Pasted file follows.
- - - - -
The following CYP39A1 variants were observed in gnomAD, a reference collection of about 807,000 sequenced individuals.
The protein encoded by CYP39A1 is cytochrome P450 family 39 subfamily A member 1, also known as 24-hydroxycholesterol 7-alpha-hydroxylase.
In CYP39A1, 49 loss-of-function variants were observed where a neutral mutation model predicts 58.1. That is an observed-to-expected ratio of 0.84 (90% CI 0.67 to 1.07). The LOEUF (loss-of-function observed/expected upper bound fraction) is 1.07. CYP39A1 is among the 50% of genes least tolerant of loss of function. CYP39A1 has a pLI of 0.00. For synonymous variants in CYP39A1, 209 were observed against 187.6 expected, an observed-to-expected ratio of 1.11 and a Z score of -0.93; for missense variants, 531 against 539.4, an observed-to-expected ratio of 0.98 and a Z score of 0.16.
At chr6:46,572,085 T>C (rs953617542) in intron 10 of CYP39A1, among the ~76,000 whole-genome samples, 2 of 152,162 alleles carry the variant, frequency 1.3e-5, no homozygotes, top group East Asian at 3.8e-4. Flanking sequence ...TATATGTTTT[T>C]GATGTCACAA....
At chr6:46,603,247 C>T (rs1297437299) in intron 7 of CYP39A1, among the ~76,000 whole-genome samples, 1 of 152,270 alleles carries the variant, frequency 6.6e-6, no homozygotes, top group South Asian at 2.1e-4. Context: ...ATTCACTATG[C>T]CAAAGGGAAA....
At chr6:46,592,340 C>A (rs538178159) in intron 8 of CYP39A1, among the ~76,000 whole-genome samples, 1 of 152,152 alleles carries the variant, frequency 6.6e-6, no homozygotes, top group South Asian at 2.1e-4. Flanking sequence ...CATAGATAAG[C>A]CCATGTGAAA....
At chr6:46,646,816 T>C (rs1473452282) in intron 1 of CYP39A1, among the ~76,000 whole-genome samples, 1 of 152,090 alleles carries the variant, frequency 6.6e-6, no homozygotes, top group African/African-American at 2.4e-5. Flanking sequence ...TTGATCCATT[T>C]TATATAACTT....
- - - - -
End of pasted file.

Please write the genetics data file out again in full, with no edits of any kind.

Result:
The following CYP39A1 variants were observed in gnomAD, a reference collection of about 807,000 sequenced individuals.
The protein encoded by CYP39A1 is cytochrome P450 family 39 subfamily A member 1, also known as 24-hydroxycholesterol 7-alpha-hydroxylase.
In CYP39A1, 49 loss-of-function variants were observed where a neutral mutation model predicts 58.1. That is an observed-to-expected ratio of 0.84 (90% CI 0.67 to 1.07). The LOEUF (loss-of-function observed/expected upper bound fraction) is 1.07. CYP39A1 is among the 50% of genes least tolerant of loss of function. CYP39A1 has a pLI of 0.00. For synonymous variants in CYP39A1, 209 were observed against 187.6 expected, an observed-to-expected ratio of 1.11 and a Z score of -0.93; for missense variants, 531 against 539.4, an observed-to-expected ratio of 0.98 and a Z score of 0.16.
At chr6:46,572,085 T>C (rs953617542) in intron 10 of CYP39A1, among the ~76,000 whole-genome samples, 2 of 152,162 alleles carry the variant, frequency 1.3e-5, no homozygotes, top group East Asian at 3.8e-4. Flanking sequence ...TATATGTTTT[T>C]GATGTCACAA....
At chr6:46,603,247 C>T (rs1297437299) in intron 7 of CYP39A1, among the ~76,000 whole-genome samples, 1 of 152,270 alleles carries the variant, frequency 6.6e-6, no homozygotes, top group South Asian at 2.1e-4. Context: ...ATTCACTATG[C>T]CAAAGGGAAA....
At chr6:46,592,340 C>A (rs538178159) in intron 8 of CYP39A1, among the ~76,000 whole-genome samples, 1 of 152,152 alleles carries the variant, frequency 6.6e-6, no homozygotes, top group South Asian at 2.1e-4. Flanking sequence ...CATAGATAAG[C>A]CCATGTGAAA....
At chr6:46,646,816 T>C (rs1473452282) in intron 1 of CYP39A1, among the ~76,000 whole-genome samples, 1 of 152,090 alleles carries the variant, frequency 6.6e-6, no homozygotes, top group African/African-American at 2.4e-5. Flanking sequence ...TTGATCCATT[T>C]TATATAACTT....